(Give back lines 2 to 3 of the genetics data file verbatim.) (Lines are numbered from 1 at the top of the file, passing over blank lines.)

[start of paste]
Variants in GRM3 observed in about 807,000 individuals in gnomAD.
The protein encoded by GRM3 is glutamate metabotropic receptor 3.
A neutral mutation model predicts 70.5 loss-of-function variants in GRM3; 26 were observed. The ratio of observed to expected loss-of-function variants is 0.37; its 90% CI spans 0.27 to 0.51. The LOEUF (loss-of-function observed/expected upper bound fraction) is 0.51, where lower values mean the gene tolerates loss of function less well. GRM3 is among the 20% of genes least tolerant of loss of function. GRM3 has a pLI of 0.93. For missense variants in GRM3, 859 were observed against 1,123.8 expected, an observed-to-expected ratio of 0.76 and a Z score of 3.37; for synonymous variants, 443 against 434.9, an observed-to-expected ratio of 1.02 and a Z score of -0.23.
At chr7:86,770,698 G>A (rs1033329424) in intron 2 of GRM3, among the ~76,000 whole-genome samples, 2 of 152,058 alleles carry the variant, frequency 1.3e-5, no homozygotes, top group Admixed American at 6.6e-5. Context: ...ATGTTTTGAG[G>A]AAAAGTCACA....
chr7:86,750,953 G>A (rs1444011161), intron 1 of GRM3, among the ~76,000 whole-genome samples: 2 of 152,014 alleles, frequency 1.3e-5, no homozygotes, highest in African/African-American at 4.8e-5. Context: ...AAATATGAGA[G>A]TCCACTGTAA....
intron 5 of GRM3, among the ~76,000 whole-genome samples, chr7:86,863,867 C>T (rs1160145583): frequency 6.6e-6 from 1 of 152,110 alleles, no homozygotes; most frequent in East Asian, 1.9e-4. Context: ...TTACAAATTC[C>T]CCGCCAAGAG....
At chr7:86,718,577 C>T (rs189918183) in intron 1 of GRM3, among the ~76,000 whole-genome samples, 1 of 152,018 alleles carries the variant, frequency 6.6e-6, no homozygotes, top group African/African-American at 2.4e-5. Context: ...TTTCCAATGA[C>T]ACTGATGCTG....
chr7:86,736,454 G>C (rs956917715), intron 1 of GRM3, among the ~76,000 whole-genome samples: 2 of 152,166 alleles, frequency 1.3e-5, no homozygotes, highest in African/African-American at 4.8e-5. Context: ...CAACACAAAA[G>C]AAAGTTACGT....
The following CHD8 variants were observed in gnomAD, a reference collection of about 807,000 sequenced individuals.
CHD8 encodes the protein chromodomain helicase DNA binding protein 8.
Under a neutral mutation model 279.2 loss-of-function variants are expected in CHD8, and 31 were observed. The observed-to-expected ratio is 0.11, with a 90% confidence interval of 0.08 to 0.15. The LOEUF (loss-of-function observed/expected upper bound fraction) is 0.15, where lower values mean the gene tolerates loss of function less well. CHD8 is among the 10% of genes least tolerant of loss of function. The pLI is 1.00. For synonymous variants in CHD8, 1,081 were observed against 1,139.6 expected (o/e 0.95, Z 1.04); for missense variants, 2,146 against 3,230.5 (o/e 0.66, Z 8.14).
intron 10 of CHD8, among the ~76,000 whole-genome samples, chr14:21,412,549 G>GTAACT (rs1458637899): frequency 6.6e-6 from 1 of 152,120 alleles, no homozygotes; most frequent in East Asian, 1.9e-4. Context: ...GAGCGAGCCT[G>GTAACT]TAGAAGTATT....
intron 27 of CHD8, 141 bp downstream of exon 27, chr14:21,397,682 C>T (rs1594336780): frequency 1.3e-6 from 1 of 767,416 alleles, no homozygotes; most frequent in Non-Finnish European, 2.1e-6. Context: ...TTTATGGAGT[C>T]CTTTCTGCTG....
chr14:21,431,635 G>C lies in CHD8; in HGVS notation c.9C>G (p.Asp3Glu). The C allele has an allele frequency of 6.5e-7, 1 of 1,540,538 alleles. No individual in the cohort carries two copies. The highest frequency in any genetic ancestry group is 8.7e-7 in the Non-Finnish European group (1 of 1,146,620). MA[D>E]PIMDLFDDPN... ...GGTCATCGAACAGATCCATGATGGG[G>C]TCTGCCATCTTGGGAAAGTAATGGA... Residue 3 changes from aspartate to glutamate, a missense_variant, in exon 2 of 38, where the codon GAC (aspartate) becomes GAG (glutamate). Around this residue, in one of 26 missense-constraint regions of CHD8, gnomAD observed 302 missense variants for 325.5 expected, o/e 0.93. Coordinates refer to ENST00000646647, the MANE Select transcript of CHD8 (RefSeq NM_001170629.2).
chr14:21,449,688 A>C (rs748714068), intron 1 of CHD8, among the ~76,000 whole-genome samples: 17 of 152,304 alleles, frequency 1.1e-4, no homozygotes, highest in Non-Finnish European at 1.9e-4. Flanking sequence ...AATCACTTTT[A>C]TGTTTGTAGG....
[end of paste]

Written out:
The protein encoded by GRM3 is glutamate metabotropic receptor 3.
A neutral mutation model predicts 70.5 loss-of-function variants in GRM3; 26 were observed. The ratio of observed to expected loss-of-function variants is 0.37; its 90% CI spans 0.27 to 0.51. The LOEUF (loss-of-function observed/expected upper bound fraction) is 0.51, where lower values mean the gene tolerates loss of function less well. GRM3 is among the 20% of genes least tolerant of loss of function. GRM3 has a pLI of 0.93. For missense variants in GRM3, 859 were observed against 1,123.8 expected, an observed-to-expected ratio of 0.76 and a Z score of 3.37; for synonymous variants, 443 against 434.9, an observed-to-expected ratio of 1.02 and a Z score of -0.23.